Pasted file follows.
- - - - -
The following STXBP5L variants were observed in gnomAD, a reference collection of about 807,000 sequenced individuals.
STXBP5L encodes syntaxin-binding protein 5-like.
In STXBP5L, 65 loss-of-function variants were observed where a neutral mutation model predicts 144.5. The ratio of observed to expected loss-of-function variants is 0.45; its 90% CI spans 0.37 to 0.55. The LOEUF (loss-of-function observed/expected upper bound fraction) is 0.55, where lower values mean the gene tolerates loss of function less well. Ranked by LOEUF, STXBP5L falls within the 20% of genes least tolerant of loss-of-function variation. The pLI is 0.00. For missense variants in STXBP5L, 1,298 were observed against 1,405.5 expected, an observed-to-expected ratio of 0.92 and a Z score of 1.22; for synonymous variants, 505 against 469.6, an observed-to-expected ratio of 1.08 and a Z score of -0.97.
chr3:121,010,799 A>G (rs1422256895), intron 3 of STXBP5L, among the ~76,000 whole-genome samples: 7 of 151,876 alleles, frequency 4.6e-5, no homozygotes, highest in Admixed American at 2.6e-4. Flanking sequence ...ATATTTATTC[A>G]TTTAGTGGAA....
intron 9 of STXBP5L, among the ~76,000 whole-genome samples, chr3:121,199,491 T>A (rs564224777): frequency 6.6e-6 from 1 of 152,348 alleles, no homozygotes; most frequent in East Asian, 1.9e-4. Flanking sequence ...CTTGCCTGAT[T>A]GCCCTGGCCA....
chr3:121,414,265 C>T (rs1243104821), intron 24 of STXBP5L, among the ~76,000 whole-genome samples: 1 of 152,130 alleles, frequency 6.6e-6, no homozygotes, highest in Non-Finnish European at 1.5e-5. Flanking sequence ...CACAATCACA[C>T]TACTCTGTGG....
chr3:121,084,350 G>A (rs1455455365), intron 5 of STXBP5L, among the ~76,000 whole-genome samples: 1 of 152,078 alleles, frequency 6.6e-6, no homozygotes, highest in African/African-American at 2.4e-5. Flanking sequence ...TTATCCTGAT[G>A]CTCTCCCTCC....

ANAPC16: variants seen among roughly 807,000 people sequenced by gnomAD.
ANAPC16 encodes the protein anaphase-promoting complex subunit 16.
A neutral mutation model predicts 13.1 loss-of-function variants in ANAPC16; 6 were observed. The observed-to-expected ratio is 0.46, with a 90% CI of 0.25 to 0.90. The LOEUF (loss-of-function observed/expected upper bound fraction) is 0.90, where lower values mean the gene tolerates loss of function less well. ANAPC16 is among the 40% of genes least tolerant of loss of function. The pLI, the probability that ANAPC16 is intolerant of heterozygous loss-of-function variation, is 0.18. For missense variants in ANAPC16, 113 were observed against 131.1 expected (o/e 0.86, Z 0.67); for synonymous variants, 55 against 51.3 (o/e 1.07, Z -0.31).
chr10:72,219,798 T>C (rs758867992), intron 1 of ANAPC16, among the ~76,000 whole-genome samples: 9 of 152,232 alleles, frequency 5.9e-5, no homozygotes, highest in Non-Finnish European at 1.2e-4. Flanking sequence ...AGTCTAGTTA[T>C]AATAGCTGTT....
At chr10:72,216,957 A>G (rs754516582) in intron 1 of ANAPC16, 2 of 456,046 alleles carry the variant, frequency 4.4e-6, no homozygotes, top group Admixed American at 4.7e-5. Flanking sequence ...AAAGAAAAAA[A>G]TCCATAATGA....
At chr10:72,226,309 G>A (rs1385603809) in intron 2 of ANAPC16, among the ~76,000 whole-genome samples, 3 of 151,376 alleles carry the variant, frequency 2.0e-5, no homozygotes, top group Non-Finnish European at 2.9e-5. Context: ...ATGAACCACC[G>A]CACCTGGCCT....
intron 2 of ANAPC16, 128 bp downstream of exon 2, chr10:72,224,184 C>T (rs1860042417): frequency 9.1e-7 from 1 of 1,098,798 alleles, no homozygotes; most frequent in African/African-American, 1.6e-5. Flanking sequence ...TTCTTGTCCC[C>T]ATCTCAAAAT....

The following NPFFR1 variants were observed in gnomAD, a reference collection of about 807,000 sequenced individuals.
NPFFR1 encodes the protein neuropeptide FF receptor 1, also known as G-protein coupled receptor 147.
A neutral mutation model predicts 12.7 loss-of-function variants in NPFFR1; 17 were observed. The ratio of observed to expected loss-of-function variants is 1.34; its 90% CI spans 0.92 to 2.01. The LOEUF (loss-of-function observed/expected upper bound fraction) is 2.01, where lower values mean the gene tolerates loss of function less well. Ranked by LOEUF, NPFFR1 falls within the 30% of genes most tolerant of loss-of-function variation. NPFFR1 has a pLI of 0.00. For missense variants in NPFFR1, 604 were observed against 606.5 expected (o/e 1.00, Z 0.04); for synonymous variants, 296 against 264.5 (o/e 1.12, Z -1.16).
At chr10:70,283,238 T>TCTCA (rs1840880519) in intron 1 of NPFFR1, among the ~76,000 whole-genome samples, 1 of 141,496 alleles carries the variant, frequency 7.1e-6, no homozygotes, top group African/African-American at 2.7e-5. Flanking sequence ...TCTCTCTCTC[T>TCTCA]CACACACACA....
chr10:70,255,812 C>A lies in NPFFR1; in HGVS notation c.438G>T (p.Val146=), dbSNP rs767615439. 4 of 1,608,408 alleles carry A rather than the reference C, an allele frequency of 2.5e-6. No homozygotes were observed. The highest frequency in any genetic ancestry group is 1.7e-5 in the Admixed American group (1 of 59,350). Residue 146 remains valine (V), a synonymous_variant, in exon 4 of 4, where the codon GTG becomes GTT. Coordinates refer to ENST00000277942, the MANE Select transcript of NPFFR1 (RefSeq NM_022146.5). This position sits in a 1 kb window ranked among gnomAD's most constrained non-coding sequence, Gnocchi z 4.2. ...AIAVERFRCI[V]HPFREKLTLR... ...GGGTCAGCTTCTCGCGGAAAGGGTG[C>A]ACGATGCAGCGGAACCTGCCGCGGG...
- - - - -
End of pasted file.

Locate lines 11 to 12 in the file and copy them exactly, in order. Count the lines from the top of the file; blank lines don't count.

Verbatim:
chr10:72,219,798 T>C (rs758867992), intron 1 of ANAPC16, among the ~76,000 whole-genome samples: 9 of 152,232 alleles, frequency 5.9e-5, no homozygotes, highest in Non-Finnish European at 1.2e-4. Flanking sequence ...AGTCTAGTTA[T>C]AATAGCTGTT....
At chr10:72,216,957 A>G (rs754516582) in intron 1 of ANAPC16, 2 of 456,046 alleles carry the variant, frequency 4.4e-6, no homozygotes, top group Admixed American at 4.7e-5. Flanking sequence ...AAAGAAAAAA[A>G]TCCATAATGA....